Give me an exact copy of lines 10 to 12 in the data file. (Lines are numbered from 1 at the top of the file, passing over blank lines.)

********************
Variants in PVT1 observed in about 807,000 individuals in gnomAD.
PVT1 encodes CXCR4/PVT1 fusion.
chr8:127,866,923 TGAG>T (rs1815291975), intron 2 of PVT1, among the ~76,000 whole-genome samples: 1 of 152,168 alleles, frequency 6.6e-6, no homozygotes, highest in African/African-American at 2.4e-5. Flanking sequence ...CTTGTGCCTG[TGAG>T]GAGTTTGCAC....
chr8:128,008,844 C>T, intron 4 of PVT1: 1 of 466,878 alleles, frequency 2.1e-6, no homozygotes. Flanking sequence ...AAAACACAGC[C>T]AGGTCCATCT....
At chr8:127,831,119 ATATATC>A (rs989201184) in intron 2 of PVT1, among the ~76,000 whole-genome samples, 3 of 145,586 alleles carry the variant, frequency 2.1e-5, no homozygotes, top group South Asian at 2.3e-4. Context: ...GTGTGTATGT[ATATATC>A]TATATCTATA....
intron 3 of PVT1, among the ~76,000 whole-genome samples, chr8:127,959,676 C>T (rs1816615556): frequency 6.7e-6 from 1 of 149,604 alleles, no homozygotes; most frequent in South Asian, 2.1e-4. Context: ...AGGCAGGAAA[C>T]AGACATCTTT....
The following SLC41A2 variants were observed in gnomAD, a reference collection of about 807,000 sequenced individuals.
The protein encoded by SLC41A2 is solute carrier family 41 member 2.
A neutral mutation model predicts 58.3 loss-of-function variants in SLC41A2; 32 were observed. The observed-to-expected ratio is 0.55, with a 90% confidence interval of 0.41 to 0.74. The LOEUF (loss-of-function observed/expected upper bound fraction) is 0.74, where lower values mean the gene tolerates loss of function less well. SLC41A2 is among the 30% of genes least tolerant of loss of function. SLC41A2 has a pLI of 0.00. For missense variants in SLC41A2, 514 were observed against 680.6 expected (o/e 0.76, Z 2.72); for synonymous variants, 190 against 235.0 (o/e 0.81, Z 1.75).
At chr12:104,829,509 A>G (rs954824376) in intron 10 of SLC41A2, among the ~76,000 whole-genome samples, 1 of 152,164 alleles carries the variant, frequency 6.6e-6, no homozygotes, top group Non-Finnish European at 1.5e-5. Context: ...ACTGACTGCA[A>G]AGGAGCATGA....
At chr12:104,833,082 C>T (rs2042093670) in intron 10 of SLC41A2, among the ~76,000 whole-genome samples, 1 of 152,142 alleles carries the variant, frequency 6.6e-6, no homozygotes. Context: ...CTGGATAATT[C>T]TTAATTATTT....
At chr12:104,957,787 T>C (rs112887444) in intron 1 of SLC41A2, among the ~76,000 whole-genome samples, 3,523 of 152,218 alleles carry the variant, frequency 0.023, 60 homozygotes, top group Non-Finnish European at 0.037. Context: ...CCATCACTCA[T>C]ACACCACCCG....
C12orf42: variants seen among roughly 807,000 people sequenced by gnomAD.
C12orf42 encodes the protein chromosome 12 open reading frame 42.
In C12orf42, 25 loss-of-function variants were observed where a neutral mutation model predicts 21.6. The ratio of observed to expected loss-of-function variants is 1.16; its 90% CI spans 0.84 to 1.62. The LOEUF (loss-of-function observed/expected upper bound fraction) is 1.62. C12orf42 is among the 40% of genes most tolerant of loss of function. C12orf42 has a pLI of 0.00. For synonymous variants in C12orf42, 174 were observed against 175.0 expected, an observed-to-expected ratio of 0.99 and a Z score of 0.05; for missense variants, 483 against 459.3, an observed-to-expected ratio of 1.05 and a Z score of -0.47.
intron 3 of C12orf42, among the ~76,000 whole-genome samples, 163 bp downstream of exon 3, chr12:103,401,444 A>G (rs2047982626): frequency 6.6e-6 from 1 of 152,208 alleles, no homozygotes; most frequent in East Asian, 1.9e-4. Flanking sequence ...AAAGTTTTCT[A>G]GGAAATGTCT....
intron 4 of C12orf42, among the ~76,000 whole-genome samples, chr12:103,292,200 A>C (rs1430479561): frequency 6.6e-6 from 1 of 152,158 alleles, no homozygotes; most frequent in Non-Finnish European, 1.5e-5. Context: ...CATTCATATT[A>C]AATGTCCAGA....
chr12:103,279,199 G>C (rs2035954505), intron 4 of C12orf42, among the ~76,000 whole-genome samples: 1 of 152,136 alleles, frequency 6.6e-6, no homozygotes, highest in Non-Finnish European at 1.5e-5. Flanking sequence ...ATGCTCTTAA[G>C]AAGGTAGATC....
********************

At chr12:104,829,509 A>G (rs954824376) in intron 10 of SLC41A2, among the ~76,000 whole-genome samples, 1 of 152,164 alleles carries the variant, frequency 6.6e-6, no homozygotes, top group Non-Finnish European at 1.5e-5. Context: ...ACTGACTGCA[A>G]AGGAGCATGA....
At chr12:104,833,082 C>T (rs2042093670) in intron 10 of SLC41A2, among the ~76,000 whole-genome samples, 1 of 152,142 alleles carries the variant, frequency 6.6e-6, no homozygotes. Context: ...CTGGATAATT[C>T]TTAATTATTT....
At chr12:104,957,787 T>C (rs112887444) in intron 1 of SLC41A2, among the ~76,000 whole-genome samples, 3,523 of 152,218 alleles carry the variant, frequency 0.023, 60 homozygotes, top group Non-Finnish European at 0.037. Context: ...CCATCACTCA[T>C]ACACCACCCG....